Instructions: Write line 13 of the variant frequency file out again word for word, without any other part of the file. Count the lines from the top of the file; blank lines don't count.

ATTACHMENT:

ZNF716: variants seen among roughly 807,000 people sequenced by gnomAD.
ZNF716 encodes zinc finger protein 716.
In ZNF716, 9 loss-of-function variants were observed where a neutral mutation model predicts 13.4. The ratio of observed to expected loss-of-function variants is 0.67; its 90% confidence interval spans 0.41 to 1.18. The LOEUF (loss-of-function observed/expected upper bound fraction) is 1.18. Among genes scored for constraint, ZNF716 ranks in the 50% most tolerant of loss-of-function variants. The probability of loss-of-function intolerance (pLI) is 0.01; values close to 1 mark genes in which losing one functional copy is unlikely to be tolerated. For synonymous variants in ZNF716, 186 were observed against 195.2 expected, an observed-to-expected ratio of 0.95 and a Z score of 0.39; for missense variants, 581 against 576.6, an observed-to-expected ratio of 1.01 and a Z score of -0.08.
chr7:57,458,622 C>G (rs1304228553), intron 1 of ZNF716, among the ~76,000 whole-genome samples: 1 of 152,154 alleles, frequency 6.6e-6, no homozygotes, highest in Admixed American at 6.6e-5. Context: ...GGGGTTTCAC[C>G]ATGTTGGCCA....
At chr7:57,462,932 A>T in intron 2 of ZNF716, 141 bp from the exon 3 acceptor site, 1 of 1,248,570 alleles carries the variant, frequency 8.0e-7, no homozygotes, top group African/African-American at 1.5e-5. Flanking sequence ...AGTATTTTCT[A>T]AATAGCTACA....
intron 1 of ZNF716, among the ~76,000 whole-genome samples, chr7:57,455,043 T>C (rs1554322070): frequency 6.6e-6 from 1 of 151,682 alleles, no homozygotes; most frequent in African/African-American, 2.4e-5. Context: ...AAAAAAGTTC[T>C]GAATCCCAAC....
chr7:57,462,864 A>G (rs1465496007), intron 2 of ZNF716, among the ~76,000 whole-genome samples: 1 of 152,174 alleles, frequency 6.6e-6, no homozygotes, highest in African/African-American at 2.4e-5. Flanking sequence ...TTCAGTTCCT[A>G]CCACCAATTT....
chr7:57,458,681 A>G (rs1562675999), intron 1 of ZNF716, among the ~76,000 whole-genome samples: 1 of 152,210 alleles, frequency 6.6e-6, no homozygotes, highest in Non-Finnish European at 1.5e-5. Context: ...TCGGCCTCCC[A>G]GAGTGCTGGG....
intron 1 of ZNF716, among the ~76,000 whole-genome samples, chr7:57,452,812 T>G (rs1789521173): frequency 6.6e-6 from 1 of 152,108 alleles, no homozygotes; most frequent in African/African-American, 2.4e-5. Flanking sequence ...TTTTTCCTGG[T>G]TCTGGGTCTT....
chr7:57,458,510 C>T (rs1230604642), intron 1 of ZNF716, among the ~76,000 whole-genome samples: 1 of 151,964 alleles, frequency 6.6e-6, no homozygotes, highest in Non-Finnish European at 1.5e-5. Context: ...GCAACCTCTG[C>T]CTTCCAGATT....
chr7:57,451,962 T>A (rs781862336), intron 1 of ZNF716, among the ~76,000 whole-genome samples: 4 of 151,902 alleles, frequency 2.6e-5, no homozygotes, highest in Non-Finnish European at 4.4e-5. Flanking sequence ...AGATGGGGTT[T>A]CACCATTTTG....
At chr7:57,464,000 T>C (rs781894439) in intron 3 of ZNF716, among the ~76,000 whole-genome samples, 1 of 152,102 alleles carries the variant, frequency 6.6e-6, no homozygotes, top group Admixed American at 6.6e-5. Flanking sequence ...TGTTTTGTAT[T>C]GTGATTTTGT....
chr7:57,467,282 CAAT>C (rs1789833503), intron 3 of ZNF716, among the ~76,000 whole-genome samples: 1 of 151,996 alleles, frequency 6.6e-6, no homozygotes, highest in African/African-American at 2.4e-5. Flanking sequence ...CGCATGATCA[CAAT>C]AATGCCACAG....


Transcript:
chr7:57,467,282 CAAT>C (rs1789833503), intron 3 of ZNF716, among the ~76,000 whole-genome samples: 1 of 151,996 alleles, frequency 6.6e-6, no homozygotes, highest in African/African-American at 2.4e-5. Flanking sequence ...CGCATGATCA[CAAT>C]AATGCCACAG....